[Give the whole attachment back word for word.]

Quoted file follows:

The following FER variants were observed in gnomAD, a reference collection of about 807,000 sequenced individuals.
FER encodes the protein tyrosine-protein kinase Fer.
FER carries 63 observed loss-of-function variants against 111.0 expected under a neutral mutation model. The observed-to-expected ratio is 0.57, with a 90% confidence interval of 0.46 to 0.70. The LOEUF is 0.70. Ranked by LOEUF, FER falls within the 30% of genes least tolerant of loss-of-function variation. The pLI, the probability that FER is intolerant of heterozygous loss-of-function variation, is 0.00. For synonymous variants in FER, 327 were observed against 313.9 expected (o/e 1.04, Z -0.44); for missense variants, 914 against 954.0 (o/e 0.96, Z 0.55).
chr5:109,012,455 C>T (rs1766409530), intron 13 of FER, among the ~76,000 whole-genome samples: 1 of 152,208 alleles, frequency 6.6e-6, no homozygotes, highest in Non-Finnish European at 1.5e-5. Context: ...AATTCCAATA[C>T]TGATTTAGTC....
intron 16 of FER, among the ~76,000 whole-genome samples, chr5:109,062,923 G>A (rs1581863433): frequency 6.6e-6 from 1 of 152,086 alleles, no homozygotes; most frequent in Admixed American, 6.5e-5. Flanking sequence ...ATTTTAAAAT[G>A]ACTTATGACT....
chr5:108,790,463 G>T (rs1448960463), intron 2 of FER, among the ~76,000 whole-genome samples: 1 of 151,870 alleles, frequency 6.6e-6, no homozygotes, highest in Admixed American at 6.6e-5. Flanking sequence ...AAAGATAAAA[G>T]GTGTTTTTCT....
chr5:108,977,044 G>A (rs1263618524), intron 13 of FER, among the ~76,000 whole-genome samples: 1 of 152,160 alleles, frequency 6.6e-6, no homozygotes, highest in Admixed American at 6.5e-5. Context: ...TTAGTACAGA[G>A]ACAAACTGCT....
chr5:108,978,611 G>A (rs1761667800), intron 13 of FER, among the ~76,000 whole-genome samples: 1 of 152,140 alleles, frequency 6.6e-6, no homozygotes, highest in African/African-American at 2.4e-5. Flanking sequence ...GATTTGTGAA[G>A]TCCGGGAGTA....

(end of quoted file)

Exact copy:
The following FER variants were observed in gnomAD, a reference collection of about 807,000 sequenced individuals.
FER encodes the protein tyrosine-protein kinase Fer.
FER carries 63 observed loss-of-function variants against 111.0 expected under a neutral mutation model. The observed-to-expected ratio is 0.57, with a 90% confidence interval of 0.46 to 0.70. The LOEUF is 0.70. Ranked by LOEUF, FER falls within the 30% of genes least tolerant of loss-of-function variation. The pLI, the probability that FER is intolerant of heterozygous loss-of-function variation, is 0.00. For synonymous variants in FER, 327 were observed against 313.9 expected (o/e 1.04, Z -0.44); for missense variants, 914 against 954.0 (o/e 0.96, Z 0.55).
chr5:109,012,455 C>T (rs1766409530), intron 13 of FER, among the ~76,000 whole-genome samples: 1 of 152,208 alleles, frequency 6.6e-6, no homozygotes, highest in Non-Finnish European at 1.5e-5. Context: ...AATTCCAATA[C>T]TGATTTAGTC....
intron 16 of FER, among the ~76,000 whole-genome samples, chr5:109,062,923 G>A (rs1581863433): frequency 6.6e-6 from 1 of 152,086 alleles, no homozygotes; most frequent in Admixed American, 6.5e-5. Flanking sequence ...ATTTTAAAAT[G>A]ACTTATGACT....
chr5:108,790,463 G>T (rs1448960463), intron 2 of FER, among the ~76,000 whole-genome samples: 1 of 151,870 alleles, frequency 6.6e-6, no homozygotes, highest in Admixed American at 6.6e-5. Flanking sequence ...AAAGATAAAA[G>T]GTGTTTTTCT....
chr5:108,977,044 G>A (rs1263618524), intron 13 of FER, among the ~76,000 whole-genome samples: 1 of 152,160 alleles, frequency 6.6e-6, no homozygotes, highest in Admixed American at 6.5e-5. Context: ...TTAGTACAGA[G>A]ACAAACTGCT....
chr5:108,978,611 G>A (rs1761667800), intron 13 of FER, among the ~76,000 whole-genome samples: 1 of 152,140 alleles, frequency 6.6e-6, no homozygotes, highest in African/African-American at 2.4e-5. Flanking sequence ...GATTTGTGAA[G>A]TCCGGGAGTA....